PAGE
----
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Donations to Australia fire relief shouldn't do a job that's up to the Aussie government, critics argue

Critics of Australia's government say international donors to the bushfire relief effort should be aware that their contributions could be letting the government off the hook for inadequately funding the country's firefighting efforts and relying too heavily on volunteers.

New South Wales Rural Fire Services is a government agency that also solicits donations

Country Fire Authority teams perform controlled burning west of Corryong, Australia on Jan. 7. About 90 per cent of the country's firefighters are volunteers and they fight most of the bushfires. ( Jason Edwards/AAP/Reuters)

Critics of Australia's government say international donors to the bushfire relief effort should be aware that their contributions could be letting the government off the hook for inadequately funding the country's firefighting efforts.

Both Australian Prime Minister Scott Morrison and the state government of New South Wales, the hardest hit region, have faced intense criticism for failing to greenlight new funds for fighting forest fires and for instead relying almost exclusively on volunteer firefighters to battle the devastating blazes.

Thousands also protested in Sydney and Melbourne on Friday to call for stronger action on climate change, which has been linked to the severity of this year's fire season.

Australia's county and regional fire service are government bodies predominantly staffed by volunteers, said Krystian Seibert, an expert in philanthropy and a fellow with the Faculty of Business and Law at Swinburne University of Technology in Melbourne.

Although the fire services are government funded, they also collect donations, he said.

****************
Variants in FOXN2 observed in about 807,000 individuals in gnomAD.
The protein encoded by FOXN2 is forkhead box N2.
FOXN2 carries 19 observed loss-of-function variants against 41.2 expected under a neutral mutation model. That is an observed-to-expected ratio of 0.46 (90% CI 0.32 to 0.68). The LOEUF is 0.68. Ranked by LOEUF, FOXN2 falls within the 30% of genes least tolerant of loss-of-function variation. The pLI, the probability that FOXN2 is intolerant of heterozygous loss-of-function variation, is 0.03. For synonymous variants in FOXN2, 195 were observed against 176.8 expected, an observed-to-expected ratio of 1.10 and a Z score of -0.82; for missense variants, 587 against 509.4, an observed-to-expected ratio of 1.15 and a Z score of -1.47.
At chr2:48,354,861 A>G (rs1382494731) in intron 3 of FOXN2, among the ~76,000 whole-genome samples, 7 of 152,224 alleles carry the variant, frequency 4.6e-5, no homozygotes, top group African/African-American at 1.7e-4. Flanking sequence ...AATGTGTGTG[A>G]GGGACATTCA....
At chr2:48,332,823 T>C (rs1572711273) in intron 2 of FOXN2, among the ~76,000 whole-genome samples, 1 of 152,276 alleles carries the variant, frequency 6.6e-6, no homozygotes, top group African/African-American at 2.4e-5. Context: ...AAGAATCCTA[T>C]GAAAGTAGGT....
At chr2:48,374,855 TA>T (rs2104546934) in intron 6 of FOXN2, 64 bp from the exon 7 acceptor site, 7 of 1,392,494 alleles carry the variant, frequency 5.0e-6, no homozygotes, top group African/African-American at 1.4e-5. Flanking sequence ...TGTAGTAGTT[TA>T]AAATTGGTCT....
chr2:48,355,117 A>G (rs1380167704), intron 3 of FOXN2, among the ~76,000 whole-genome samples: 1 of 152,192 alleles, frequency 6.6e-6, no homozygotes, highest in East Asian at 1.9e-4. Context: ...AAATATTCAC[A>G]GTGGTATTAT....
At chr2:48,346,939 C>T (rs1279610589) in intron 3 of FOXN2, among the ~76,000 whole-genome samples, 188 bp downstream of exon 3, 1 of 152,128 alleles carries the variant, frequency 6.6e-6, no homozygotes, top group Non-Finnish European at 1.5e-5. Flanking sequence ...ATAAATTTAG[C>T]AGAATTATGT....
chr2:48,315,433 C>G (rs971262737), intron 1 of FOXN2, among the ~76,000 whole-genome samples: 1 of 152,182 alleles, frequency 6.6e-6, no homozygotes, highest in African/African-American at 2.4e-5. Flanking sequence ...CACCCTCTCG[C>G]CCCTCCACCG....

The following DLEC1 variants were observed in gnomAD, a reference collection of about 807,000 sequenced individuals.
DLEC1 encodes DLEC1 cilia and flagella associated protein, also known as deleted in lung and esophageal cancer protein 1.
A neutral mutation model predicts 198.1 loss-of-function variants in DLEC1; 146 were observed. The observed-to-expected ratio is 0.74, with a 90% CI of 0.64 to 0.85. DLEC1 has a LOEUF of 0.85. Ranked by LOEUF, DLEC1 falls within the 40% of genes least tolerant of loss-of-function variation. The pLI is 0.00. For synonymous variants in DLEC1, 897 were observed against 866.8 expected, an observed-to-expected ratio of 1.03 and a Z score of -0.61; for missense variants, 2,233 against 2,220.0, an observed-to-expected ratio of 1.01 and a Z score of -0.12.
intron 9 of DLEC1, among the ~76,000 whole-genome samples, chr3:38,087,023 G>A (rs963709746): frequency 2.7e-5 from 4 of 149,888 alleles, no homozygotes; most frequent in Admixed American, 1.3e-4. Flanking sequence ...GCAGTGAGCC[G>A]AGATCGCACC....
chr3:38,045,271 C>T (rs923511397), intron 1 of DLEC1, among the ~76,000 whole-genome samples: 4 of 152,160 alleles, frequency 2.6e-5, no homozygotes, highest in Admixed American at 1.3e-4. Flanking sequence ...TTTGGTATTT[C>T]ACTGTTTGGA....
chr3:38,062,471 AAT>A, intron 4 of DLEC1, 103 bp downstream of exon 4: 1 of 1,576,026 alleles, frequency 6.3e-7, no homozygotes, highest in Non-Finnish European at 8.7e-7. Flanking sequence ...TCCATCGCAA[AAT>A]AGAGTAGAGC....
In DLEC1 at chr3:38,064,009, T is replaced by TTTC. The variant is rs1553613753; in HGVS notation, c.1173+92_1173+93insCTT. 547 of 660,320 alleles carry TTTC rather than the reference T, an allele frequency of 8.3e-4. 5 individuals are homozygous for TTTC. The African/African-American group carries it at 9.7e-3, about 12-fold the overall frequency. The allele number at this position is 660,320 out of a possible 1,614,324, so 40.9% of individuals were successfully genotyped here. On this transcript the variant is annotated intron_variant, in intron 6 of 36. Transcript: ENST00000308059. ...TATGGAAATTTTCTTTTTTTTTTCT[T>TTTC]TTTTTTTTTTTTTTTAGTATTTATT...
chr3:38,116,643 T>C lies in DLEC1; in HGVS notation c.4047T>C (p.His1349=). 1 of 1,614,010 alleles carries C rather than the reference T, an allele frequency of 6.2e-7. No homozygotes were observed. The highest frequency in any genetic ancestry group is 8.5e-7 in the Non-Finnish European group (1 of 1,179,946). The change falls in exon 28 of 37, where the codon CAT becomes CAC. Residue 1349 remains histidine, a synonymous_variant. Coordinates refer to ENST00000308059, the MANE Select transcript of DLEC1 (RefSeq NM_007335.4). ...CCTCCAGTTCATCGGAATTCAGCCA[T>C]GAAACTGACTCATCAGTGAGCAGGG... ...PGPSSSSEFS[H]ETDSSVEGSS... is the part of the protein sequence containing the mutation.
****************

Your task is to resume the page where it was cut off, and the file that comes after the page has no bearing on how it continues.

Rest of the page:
Record-breaking campaign

New South Wales Rural Fire Service has received considerable donations from around the world, including those solicited through a high-profile campaign by Australian writer and comedian Celeste Barber.

Her Facebook fundraiser, supporting the Trustee for New South Wales Rural Fire Service & Brigades Donations Fund, is now the largest drive in the social media platform's history, raising some $50 million Australian (about $45 million Cdn) as of Friday night.

Seibert said Canadian donors may want to know that funds going to the Rural Fire Service (RFS) in New South Wales or other states will help these mostly volunteer firefighters to battle the fires, but they won't support things like rebuilding after the flames are out.

Rural Fire Service (RFS) volunteers and Fire and Rescue officers contain a small bushfire south of Ulladulla, Australia on Jan. 5. The RFS is a government agency that also solicits donations. (Dean Lewins/AAP/Reuters)

The RFS can use donations to buy equipment and support the volunteers, he said.

"But if someone wants to donate funds, for example, to help with the relief of the suffering of victims — people who've lost houses or are undergoing psychological trauma, that's not really the role of the office."

There are many areas where the lines are blurred between the roles of government and philanthropy, Seibert said, but "in the case of something like this, it's very clear that the responsibility for firefighting primarily should rest with government."